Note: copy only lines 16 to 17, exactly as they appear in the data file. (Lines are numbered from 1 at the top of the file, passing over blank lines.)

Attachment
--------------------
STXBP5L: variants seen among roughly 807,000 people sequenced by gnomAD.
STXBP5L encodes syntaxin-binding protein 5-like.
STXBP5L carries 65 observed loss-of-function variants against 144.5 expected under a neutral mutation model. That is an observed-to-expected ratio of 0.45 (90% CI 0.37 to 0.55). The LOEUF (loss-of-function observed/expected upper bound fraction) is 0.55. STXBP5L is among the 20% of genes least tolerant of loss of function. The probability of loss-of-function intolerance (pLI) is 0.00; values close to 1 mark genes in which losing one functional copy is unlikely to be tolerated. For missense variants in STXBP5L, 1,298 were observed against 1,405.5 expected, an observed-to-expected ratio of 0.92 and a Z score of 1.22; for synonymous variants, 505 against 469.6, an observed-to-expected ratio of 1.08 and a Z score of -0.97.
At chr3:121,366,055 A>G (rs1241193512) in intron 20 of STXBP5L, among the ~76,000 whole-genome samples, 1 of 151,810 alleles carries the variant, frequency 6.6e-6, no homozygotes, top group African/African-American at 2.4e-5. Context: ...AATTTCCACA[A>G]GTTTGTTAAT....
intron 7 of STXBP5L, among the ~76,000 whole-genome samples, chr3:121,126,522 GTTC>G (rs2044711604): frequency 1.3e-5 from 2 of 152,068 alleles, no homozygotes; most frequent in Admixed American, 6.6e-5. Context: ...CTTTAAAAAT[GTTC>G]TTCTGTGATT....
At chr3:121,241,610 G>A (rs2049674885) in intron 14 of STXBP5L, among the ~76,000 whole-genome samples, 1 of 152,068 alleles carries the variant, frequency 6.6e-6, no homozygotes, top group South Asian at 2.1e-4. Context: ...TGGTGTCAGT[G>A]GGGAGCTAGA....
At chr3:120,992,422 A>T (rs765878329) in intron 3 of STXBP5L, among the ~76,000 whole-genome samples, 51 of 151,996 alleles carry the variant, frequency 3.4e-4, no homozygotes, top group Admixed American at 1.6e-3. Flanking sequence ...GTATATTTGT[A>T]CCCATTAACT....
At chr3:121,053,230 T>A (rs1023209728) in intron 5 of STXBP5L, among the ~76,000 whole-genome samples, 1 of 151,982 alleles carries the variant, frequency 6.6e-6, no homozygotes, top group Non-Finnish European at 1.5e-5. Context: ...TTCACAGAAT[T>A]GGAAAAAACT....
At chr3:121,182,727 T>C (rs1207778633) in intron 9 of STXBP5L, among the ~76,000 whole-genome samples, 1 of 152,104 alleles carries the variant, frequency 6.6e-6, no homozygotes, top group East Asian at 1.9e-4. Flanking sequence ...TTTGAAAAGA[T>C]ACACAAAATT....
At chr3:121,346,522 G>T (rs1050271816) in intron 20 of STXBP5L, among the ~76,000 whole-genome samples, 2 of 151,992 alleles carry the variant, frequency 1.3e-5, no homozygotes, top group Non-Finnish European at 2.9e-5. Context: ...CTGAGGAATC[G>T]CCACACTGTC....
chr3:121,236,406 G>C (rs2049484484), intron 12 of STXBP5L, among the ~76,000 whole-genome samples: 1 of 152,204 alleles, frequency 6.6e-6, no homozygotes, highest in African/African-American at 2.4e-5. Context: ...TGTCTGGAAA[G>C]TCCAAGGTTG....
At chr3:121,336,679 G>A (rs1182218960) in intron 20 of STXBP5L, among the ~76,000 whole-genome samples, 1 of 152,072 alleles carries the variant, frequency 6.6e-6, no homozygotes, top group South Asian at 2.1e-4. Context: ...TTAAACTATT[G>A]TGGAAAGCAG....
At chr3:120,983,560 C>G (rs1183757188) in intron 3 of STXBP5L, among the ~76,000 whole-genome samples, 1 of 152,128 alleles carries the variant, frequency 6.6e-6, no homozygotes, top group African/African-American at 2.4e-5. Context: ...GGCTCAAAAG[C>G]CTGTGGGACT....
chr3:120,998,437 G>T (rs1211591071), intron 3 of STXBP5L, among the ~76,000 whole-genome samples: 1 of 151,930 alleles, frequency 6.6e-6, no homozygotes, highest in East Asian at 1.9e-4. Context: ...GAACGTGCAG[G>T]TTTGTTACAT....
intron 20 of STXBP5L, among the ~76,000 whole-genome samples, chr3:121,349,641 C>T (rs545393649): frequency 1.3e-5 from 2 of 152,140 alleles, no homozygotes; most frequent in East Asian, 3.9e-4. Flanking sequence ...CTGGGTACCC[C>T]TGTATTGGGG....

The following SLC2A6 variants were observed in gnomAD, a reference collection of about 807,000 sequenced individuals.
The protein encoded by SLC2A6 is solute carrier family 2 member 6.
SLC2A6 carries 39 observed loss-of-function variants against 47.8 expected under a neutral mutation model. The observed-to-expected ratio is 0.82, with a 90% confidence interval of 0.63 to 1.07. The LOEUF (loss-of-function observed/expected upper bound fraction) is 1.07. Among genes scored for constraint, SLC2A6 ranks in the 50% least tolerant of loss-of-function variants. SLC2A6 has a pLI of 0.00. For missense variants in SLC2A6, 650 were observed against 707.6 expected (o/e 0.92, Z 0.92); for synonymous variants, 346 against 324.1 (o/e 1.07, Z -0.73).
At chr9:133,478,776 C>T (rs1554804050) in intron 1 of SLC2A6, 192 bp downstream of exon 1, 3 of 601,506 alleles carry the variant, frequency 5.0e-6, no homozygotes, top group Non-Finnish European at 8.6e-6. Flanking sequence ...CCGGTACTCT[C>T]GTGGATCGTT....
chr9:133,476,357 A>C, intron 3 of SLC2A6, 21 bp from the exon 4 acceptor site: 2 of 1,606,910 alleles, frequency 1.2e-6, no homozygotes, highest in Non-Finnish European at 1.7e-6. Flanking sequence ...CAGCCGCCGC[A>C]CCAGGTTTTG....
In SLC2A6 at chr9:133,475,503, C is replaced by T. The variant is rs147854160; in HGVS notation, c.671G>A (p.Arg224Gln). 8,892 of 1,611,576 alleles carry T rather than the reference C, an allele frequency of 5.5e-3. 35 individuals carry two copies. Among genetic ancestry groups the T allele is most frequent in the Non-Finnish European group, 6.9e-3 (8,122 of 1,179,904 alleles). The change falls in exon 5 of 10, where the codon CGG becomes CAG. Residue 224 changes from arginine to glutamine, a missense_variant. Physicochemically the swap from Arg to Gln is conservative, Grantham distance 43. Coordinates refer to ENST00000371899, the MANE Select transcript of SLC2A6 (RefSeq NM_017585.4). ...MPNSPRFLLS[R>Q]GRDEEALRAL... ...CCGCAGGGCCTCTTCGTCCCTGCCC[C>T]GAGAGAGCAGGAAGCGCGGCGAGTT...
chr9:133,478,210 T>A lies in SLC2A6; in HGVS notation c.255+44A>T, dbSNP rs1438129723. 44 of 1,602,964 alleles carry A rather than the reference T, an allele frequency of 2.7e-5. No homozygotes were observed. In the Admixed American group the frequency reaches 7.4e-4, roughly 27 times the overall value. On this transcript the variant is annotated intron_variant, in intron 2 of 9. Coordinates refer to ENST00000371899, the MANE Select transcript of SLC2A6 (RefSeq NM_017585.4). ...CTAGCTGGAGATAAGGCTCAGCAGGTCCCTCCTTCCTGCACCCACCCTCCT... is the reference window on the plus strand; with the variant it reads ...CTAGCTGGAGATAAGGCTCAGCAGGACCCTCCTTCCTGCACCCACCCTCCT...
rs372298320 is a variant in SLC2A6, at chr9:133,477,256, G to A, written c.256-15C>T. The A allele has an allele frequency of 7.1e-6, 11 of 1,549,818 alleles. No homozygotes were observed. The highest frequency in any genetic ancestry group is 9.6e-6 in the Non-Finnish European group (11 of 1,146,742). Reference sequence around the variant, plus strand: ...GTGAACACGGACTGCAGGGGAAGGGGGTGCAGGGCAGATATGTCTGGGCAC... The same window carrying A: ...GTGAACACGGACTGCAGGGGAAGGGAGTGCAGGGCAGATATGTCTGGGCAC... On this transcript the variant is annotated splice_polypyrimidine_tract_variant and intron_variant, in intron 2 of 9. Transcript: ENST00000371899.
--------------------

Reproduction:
The following SLC2A6 variants were observed in gnomAD, a reference collection of about 807,000 sequenced individuals.
The protein encoded by SLC2A6 is solute carrier family 2 member 6.